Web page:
DVD Review – Bletchley Park and the Ultra Secret

KB0160

The BHTV is producing a stunning range of military and intelligence history videos. The most numerous titles are field battles and wars, but this new DVD demonstrates that their unique presentation style works equally well in the somewhat different environment of intelligence work.

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NAME: Bletchley Park and the Ultra Secret
CLASSIFICATION: Video, DVD, reviews
FILE: K0160
DATE: 020714
PRESENTER(S): Tim Saunders, Tom Dormer, Iain Standen, Joel Greenburg
PUBLISHER: Pen & Sword Digital
MEDIA: DVD
FORMAT: Dual layer
RUNTIME: 100 minutes
PLAYERS: Linux Workstation, Personal Computer, Mac Computer, DVD Player
INTERNET:
PRICE: £12.99
GENRE: Non-Fiction
SUBJECT: World War Two, Second World War, WWII, decryption, encryption, Enigma, SIGINT, code-breakers, intelligence, radio interception, Polish Intelligence Service
ISBN: 0-24762-114-5
IMAGE: KB0160
VIDEO:
BUYNOW: http://tinyurl.com/oaq384v
LINKS:
DESCRIPTION: The BHTV is producing a stunning range of military and intelligence history videos. The most numerous titles are field battles and wars, but this new DVD demonstrates that their unique presentation style works equally well in the somewhat different environment of intelligence work.

Britain was quick to appreciate the opportunities for intelligence gathering as radio was introduced to military communications. The Royal Navy saw that a series of listening posts could use direction finding techniques to triangulate on any ship, in any ocean that was transmitting back to its base, or to other ships. As the first triangulation stations came into service before the outbreak of WWI, the RN also appreciated that “signal chatter” could disclose useful intelligence by showing departures from normal levels of traffic. That technique was to identify the intention of the German High Seas Fleet to sail out to challenge the RN in a set piece naval gun battle.

As the RN developed its signal intelligence operation, it was seen that there was a need for code-breaking of intercepted signals that were initially made in Morse code as wireless telegraphy. Radio telephony was still very much in its infancy and employed in relatively short range communication between aircraft and local ground stations.

In the period before and during WWI, code-breaking relied on human capabilities because practical computers had not yet arrived. After 1918, the British intelligence services continued to develop their radio intercept systems and the Government Code and Cypher School (GC&CS) was established and relocated to Bletchley Park for WWII, as a less vulnerable location to bombing. Through WWII, Bletchley Park not only developed code-breaking techniques and radio intercept systems, but also developed the first electronic computers.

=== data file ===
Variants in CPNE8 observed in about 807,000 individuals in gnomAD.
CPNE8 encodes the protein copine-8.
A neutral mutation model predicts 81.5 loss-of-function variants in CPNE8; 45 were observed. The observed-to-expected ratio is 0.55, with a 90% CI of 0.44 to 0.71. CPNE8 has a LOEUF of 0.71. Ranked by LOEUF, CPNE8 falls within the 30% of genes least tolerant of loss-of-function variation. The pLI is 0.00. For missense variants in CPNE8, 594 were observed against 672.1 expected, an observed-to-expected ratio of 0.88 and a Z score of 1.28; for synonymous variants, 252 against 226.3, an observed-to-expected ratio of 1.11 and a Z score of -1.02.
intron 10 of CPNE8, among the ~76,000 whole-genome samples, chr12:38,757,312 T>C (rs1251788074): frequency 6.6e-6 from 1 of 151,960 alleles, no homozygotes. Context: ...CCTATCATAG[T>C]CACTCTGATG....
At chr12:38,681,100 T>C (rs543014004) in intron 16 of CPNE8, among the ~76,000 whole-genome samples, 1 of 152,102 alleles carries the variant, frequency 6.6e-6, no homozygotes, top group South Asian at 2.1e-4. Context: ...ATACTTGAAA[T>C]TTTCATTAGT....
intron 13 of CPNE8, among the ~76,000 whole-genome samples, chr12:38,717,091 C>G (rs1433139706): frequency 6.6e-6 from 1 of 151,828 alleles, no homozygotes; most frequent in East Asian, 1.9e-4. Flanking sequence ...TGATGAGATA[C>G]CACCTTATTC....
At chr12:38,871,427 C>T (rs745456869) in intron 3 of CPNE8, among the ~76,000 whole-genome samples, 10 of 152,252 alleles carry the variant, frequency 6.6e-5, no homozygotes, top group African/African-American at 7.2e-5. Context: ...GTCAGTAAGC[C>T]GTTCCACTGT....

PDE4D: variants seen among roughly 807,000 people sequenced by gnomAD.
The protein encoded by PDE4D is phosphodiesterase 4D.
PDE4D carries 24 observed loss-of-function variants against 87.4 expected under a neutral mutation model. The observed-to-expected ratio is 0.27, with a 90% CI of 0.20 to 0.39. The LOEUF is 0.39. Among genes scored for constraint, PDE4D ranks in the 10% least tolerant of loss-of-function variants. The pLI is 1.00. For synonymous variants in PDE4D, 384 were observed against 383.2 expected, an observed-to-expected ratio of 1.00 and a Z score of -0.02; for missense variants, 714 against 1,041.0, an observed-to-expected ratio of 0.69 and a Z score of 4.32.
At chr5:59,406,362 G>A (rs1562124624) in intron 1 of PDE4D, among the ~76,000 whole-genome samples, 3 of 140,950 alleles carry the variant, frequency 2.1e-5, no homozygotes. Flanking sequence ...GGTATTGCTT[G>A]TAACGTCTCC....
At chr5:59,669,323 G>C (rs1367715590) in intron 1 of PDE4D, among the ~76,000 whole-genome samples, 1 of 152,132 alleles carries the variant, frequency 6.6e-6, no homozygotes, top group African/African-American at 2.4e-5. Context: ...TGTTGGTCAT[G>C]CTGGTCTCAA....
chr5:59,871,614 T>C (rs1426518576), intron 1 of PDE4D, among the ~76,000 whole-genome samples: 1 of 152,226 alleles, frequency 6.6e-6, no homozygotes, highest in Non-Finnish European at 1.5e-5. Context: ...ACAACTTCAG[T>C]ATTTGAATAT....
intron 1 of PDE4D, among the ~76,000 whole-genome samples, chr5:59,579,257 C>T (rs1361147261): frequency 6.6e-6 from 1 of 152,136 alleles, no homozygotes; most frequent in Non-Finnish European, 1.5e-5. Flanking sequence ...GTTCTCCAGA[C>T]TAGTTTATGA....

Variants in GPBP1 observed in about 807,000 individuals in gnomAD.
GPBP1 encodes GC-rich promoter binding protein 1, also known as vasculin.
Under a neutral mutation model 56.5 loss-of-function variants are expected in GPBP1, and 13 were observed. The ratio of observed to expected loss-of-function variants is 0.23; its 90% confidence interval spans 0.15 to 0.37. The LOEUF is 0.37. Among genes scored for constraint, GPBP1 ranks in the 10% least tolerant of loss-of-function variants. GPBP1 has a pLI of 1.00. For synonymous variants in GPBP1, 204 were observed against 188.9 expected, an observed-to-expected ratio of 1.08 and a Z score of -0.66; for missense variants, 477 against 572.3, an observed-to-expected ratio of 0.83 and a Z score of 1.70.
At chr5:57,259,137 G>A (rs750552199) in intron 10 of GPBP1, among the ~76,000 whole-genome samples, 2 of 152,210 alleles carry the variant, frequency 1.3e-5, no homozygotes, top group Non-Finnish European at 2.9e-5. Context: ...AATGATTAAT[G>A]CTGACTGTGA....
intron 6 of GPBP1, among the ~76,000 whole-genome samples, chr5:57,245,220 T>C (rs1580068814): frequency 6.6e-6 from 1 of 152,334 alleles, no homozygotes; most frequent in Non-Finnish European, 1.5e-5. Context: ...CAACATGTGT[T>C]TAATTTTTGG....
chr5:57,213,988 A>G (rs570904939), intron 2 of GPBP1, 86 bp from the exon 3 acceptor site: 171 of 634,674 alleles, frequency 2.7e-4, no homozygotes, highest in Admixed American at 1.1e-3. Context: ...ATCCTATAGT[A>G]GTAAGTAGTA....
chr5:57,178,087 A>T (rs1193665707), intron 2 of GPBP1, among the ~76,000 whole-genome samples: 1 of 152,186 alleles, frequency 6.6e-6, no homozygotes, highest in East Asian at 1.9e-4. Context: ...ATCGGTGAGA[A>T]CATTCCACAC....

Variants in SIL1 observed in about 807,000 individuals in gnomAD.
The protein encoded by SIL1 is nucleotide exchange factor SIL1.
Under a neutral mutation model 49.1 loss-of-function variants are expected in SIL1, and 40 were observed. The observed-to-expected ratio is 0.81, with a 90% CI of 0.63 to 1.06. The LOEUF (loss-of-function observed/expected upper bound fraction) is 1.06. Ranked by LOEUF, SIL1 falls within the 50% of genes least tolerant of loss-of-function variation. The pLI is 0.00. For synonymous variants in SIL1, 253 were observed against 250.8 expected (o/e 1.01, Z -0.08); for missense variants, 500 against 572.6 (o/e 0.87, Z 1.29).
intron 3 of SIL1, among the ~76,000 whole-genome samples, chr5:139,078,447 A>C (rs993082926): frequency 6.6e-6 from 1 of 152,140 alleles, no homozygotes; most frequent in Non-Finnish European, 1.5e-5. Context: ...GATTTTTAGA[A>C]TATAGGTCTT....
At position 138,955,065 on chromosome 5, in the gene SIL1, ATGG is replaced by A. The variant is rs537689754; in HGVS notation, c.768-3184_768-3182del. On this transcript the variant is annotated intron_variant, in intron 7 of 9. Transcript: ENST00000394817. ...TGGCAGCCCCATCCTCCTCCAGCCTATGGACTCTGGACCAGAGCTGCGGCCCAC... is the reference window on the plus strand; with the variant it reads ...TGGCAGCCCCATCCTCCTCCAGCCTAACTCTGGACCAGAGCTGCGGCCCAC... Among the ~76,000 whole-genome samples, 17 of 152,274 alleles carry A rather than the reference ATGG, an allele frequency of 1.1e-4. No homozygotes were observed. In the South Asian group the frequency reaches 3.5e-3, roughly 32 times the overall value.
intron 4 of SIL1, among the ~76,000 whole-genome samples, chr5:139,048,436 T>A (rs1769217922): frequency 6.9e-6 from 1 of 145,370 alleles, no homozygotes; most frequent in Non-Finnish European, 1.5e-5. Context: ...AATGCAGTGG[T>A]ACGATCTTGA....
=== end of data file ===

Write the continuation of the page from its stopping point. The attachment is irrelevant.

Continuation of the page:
At the end of WWII, the Bletchley operation moved to Cheltenham and a number of outstations in Britain and overseas. It became known as GCHQ (Government Communications Headquarters) a title deliberately intended to confuse outsiders into thinking it was some kind of GPO (later British Telecom) communications research centre. Also established was CESG (Communications Electronics Security Group) that took some duties from GCHQ code intercept and breaking operations and undertook to develop techniques of defence of sensitive information.

The DVD covers the WWII operations at Bletchley very well and the BHTV team are ably assisted by those involved in developing the Bletchley Park Trust. It provides a detailed history of Bletchley Park from its vital wartime operations to the site’s conversion into a museum in 1993.

There is a wealth of inside knowledge that adds further information to explain the many complexities of everyday life at Bletchley during the war. This is further enhanced by interviews with some of the survivors from the wartime operation.

There is still much that has not been revealed about Bletchley and its outstations because the work continues and includes techniques and systems developed from 1939. However this DVD provides the most detailed and balanced coverage of the history and provides fascinating insights into the people and the society that developed there.

Also covered is the valuable contribution to British code-breaking by the Polish Intelligence Service. The techniques pioneered by the Polish Service before the outbreak of war and the early German Enigma machines gave Bletchley a head start in the early stages of the war. The Polish techniques soon became obsolete as new Engima machines were developed and deployed and the Lorenz machines came into operation. At that point, Bletchley had to develop its own techniques and some amazing electronic machines that were to create the computer revolution after WWII that has changed society around the globe. However, this in no way minimizes the enormous contribution made by Poles to the huge success of Bletchley and its contribution to ensuring victory and reducing the length of WWII by perhaps three years. Having the head-start provided by the Poles not only delivered early valuable intelligence on German operations, but it developed the approaches from which later Bletchley innovations grew.

This is an excellent video, based of thorough research and presented by a team that has developed its own unique and authoritative style. The video is well lit and edited to provide a smooth presentation of a very complex subject, capturing the human elements of the story. A video not to be missed.

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